CloudByte eyes $25B global data storage market; how it is faring
Bangalore and California-based CloudByte Inc., which offers data centre storage solution for cloud service providers and enterprises, is eyeing the $25-billion global storage market with its recently-launched ElastiStor product, according to a top executive of the company.
The company has so far bagged two large clients in India and is in talks with a few prospective clients outside India.
Last June, CloudByte raised $2.1 million from Nexus Venture Partners and Kae Capital.
According to its founder and CEO Srivibhavan Balaram, CloudByte is yet to achieve operational breakeven, "It is important to note that for high technology companies, it takes at least 4-5 years to operationally break even," said Balaram.
However, CloudByte sees immense opportunity for its product ElastStor and will initially focus on the US and Asia Pacific markets. "The opportunity is global and it is not restricted towards any particular geography. Our immediate focus markets are the US and Asia Pacific. Our vision is to build the next-generation storage technology that enables intelligent, grid-like, software-defined storage, making it easier to afford, provision, and manage storage for thousands of applications in the new-age data centres," explained Balaram.
Set up in 2011 by Balaram, Umasankar Mukkara, Shailesh Bam, Felix Xavier and Sunil Navalgi, CloudByte is a next-generation storage product company headquartered in Campbell in the US, which has its engineering team in Bangalore. It claims that ElastiStor helps replace fragmented storage islands in data centres with a single extensible shared storage platform.
This capability allows customers to cut down their storage capex and operating expense, while lowering their management overhead, according to the firm.
ElastiStor claims it delivers guaranteed quality of service to every application within shared storage, eliminating the need for any dedicated physical storage. "It simplifies storage management with on-demand provisioning and reduces the storage footprint of our clients by about 80-90 per cent," Balaram said.
"While virtualisation has made rapid strides on the server side, storage technology witnessed just incremental innovations in the past decade. While dealing with storage, you're still bound by the typical limitations of legacy solutions â€“lack of scalability and customisability, inelasticity, expensive proprietary hardware. We got together to bake advanced technologies of virtualisation and software-defined intelligence right into storage and address the limitations,"Balaram explained.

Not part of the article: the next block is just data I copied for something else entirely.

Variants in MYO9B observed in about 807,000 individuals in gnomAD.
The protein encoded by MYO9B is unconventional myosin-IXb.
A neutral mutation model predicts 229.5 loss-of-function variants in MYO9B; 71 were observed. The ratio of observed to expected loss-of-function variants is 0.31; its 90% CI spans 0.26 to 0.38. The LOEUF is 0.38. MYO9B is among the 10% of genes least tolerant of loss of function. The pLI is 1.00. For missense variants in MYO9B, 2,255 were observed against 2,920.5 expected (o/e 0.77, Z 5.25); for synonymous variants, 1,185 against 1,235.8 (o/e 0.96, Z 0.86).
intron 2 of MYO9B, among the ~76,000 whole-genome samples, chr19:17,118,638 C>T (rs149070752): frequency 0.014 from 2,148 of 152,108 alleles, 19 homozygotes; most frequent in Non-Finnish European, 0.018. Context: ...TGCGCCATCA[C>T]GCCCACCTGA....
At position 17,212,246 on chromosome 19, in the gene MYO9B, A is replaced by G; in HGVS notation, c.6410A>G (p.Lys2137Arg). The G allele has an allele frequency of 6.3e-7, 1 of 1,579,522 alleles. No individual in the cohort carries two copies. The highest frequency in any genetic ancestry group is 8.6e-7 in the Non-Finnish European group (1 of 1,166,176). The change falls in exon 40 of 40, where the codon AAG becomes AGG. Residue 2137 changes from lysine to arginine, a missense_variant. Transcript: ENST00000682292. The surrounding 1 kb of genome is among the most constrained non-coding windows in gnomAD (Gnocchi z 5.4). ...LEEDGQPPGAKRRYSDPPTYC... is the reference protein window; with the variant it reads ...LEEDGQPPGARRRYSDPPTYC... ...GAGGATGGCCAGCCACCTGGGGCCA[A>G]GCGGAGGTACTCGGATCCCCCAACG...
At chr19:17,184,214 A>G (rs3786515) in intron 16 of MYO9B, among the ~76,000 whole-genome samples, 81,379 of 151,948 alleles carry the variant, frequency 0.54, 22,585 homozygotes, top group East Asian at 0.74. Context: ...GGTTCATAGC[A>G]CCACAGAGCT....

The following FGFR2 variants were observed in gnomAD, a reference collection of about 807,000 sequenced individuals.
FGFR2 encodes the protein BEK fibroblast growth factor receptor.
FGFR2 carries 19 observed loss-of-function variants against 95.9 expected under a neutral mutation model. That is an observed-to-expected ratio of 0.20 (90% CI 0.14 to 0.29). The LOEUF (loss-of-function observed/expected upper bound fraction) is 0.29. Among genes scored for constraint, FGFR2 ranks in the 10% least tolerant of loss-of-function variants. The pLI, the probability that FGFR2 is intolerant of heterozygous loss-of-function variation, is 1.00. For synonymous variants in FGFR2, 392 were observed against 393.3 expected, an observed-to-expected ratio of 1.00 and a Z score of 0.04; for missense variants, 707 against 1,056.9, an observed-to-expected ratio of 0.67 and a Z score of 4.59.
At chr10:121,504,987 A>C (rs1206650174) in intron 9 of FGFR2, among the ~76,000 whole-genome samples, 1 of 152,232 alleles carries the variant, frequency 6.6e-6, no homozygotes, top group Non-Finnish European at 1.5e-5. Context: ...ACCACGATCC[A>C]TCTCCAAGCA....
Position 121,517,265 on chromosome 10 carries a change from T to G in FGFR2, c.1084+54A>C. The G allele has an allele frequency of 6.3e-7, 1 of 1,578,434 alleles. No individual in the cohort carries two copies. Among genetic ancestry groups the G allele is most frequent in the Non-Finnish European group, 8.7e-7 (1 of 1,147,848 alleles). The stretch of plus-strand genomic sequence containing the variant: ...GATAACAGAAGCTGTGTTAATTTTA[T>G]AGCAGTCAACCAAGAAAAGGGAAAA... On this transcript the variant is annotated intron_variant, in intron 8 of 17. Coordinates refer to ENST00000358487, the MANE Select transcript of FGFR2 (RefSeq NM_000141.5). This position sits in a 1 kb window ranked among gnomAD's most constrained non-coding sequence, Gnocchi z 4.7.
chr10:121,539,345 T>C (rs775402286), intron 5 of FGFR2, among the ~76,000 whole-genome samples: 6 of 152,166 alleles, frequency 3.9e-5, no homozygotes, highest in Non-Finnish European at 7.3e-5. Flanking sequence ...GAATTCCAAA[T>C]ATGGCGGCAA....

A software-only product, customers can either deploy ElastiStor by buying own hardware recommended by the company. Otherwise, CloudByte will partner with hardware providers to offer a complete solution to customers. Customers can either go for a subscriber licence or a perennial licence.
CloudByte is working through its milestones set last year and has not set any timeframe to raise the next round of funding. "When we hit these milestones, we will be looking for the next round. It would be inappropriate to reveal any target dates at this point," Balaram noted.
With a team of 40, CloudByte is looking to increase headcount this year. "Our co-founder Felix Xavier has moved to the US last month. He'll be gradually building out the team there and will focus on working closely with our customers over there. Our intent is to be a global company and we'll expand as customer base spreads across other geographies," said Balaram.
The company says the relatively longer evaluation cycle is one of its challenges."Like any other enterprise-focused technology startups, CloudByte faces relatively longer evaluation cycles and has to fight against the large incumbents who have a good sales/business relationship with customers, " he said.
CloudByte competes with established storage vendors as well as startups including SolidFire and Nextgenstorage.
(Edited by Prem Udayabhanu)